Volume 2, Number 4, Summer 1965
My grandparents, Richard Kilby and Mercy Marshall, were married in Westburg, England, on March 11, 1871. On that same day Richard Kilby sailed to America to seek his fortune. One year later his wife followed him to the adventurous new country, just as they had planned. My grandmother has often spoken of this dangerous voyage, but America was calling and she must go to her husband.
To this union were born eight children. The first two girls were born at Narvoo, Ill. Their names were Florence Mary Elizabeth Kilby, and, my own mother, Ellen Eliza Nellie Kilby. The other six children were born in Chanute, Kan. Their names were: Emily Ida Kilby, Rosie May Kilby, Lillie Bell Kilby, John William Kilby, Violet Pearl Kilby, and Alice Leorah Kilby. Just one boy, who now resides at Forsyth. Two of the girls are yet living, Violet Kilby Lamb lives at Purcell, Okla., and Alice Kilby Creech lives at Joplin.
Grandfather Kilby had one brother, who later came to America and made his home with my grandparents. His name was John Kilby. He helped his brother for several years in the nursery business. Grandfather Kilby had served his apprenticeship as a nurseryman before coming to America.
Moving from Illinois, my grandfather first settled on a farm near Chanute, but kept reading everything he could find on the Ozark Mountain area. He was concerned about raising fruit. He read about the land of the big red apple, which was the Missouri Ozarks.
Grandfather Kilby went first alone to look the country over. He was well pleased with the Missouri Ozarks. He hurried back to Kansas, and prepared to move his family to the beautiful hill country.
The Kilby family moved to Taney County in the year of 1892. They first settled on a farm just south of Taneyville. Just before reaching their destination, they passed the Helprey Cemetery, located north of Taneyville. On that same day, they were burying a deputy sheriff by the name of Williams. The Baldknobbers had killed the deputy while he was trying to protect a prisoner in the Forsyth jail. The prisoner had killed a woman. The deputy was quoted as saying, "You will take the prisoner over my dead body." After the deputy was killed, the prisoner was taken from the jail and hung. This was often called a "neck tie party."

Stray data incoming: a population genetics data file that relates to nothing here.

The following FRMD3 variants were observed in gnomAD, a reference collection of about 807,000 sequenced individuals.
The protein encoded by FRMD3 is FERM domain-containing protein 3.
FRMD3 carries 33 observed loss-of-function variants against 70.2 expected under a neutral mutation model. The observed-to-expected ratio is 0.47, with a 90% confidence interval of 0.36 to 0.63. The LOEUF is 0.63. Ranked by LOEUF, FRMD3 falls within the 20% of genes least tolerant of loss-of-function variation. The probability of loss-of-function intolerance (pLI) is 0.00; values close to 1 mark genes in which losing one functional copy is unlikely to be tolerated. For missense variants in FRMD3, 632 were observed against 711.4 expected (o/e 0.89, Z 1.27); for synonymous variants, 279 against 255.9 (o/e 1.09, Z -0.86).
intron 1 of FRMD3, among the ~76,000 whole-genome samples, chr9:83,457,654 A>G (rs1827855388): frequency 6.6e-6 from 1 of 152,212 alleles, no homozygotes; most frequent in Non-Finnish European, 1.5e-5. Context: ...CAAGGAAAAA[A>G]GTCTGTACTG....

The first farm where the Kilby family moved to is where the two Taylor brothers were buried. They, too, were hung by the Baldknobbers.
Grandfather soon bought a place in Taney City. There he started a nursery.
Grandfather began grafting fruit trees. He sold fruit trees and nursery stock. He also raised different varieties of small fruit for the market. To my knowledge, he was the first man that induced people to grow fruit in this part of the country. Some can remember orchards that sprung from his nursery. The Ingram orchard was the largest in the county, and that is where the writer lives at this time.
To grandfathers delight, he found that not only peaches and apples thrived in the Ozarks, but also that small fruit did very well; that is, such fruits as blackberries, raspberries, strawberries, and other kinds. Grandfathers dream of the Big Red Apple had come true. There was only one drawback, the market was not good.
His son, John Kilby, helped his father with the nursery, and helped peddle the fruit that was raised on the small acreage. Some remain that can remember how they would peddle their fruit in Forsyth. A hack and a span of mules were used to make the deliveries. The strawberries he grafted were delicious. Nowhere in this great land of ours, can the flavor of the fruit grown in Arkansas and Missouri be excelled.
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